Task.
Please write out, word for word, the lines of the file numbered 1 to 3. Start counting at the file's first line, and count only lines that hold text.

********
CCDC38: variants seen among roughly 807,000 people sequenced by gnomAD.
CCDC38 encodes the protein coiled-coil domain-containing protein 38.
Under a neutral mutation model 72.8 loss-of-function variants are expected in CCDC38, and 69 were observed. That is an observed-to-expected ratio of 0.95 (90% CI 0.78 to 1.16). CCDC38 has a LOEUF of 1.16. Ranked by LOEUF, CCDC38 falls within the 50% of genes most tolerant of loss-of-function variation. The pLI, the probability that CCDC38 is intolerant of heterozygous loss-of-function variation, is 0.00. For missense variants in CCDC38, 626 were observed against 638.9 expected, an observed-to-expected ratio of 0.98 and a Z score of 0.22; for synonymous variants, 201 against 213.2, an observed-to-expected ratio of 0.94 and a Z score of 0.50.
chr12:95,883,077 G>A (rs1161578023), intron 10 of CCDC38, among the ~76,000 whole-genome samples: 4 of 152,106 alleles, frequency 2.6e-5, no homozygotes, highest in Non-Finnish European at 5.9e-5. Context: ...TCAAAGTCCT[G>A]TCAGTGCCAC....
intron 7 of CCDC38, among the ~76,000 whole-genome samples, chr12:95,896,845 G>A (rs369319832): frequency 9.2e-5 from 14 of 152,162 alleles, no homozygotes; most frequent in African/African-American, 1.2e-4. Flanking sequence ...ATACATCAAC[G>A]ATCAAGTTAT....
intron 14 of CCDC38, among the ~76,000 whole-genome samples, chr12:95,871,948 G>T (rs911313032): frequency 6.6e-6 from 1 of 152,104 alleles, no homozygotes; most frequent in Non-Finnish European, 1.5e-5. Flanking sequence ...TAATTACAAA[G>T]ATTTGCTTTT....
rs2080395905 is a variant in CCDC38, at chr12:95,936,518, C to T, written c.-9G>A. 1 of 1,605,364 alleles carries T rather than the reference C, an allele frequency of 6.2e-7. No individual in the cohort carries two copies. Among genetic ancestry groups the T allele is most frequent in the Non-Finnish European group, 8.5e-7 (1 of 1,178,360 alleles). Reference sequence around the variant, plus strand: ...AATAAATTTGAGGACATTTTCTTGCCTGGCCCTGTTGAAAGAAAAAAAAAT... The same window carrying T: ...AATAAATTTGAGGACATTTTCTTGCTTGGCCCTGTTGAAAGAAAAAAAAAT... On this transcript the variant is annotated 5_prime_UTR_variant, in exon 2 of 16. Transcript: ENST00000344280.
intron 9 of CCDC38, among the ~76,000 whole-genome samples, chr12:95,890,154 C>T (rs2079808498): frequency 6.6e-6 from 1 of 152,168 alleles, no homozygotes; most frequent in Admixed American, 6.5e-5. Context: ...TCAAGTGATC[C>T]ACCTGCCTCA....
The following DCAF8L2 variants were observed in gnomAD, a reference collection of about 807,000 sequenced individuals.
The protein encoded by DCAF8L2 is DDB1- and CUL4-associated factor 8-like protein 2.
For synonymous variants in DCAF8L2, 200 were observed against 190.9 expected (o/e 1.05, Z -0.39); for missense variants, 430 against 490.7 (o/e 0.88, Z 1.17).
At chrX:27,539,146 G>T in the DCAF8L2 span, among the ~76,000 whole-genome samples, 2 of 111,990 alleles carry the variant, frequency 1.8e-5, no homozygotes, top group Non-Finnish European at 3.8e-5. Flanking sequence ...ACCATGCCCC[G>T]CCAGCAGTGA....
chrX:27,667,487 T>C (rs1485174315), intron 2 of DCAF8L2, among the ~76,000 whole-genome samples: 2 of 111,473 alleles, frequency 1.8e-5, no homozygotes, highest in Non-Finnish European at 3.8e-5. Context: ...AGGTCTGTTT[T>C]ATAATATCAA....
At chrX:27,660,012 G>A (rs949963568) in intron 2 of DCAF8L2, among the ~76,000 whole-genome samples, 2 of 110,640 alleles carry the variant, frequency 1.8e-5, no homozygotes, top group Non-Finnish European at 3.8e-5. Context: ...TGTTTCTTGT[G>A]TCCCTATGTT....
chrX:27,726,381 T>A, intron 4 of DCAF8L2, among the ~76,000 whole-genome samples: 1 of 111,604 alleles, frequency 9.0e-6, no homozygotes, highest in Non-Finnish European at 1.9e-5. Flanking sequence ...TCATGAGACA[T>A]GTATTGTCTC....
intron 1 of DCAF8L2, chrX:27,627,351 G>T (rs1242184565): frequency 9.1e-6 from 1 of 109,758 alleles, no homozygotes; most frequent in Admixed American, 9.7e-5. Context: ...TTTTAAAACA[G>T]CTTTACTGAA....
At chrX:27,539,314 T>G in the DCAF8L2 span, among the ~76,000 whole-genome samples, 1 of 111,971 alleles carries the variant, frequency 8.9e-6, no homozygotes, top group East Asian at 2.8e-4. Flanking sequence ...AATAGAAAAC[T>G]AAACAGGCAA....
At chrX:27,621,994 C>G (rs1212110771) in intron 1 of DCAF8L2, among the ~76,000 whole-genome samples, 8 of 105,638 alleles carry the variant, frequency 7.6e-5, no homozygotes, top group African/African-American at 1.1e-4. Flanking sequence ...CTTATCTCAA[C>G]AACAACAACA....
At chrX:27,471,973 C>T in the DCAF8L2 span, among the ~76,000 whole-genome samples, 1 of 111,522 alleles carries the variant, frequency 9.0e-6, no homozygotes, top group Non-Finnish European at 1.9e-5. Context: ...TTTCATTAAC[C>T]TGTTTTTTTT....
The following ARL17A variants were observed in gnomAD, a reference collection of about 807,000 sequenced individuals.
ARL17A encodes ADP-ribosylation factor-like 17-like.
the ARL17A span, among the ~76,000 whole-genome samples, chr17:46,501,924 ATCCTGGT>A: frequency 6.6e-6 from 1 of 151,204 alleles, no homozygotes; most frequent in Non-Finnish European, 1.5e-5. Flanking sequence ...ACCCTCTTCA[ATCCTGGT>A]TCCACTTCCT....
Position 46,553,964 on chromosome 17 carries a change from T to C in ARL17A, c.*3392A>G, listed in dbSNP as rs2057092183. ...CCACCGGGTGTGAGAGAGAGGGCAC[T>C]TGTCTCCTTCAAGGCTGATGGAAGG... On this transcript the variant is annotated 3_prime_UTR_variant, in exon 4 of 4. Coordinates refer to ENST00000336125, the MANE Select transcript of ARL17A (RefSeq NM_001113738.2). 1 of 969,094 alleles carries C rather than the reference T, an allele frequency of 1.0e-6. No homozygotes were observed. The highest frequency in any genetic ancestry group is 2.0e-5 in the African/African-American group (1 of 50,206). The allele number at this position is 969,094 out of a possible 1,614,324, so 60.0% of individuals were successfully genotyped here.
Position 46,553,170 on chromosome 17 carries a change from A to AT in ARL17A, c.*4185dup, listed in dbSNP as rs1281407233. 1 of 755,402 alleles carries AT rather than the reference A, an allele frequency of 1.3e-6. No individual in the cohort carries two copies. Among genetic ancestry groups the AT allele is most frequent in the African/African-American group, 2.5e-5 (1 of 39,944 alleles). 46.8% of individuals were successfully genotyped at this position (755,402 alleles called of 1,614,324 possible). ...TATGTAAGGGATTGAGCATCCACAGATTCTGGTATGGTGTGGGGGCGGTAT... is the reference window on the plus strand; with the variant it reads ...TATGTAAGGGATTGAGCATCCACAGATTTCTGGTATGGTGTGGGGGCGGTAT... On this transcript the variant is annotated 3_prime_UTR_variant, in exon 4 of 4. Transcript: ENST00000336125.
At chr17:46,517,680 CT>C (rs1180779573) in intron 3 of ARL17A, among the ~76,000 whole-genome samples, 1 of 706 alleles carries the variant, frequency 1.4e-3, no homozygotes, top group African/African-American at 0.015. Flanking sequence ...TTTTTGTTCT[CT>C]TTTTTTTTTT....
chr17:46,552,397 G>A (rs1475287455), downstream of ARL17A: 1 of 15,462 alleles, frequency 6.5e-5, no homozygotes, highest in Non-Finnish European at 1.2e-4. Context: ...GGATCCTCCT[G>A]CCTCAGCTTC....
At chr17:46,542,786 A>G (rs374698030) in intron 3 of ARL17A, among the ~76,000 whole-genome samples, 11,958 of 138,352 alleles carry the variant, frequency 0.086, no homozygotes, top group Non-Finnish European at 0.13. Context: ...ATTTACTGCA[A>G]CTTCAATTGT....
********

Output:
CCDC38: variants seen among roughly 807,000 people sequenced by gnomAD.
CCDC38 encodes the protein coiled-coil domain-containing protein 38.
Under a neutral mutation model 72.8 loss-of-function variants are expected in CCDC38, and 69 were observed. That is an observed-to-expected ratio of 0.95 (90% CI 0.78 to 1.16). CCDC38 has a LOEUF of 1.16. Ranked by LOEUF, CCDC38 falls within the 50% of genes most tolerant of loss-of-function variation. The pLI, the probability that CCDC38 is intolerant of heterozygous loss-of-function variation, is 0.00. For missense variants in CCDC38, 626 were observed against 638.9 expected, an observed-to-expected ratio of 0.98 and a Z score of 0.22; for synonymous variants, 201 against 213.2, an observed-to-expected ratio of 0.94 and a Z score of 0.50.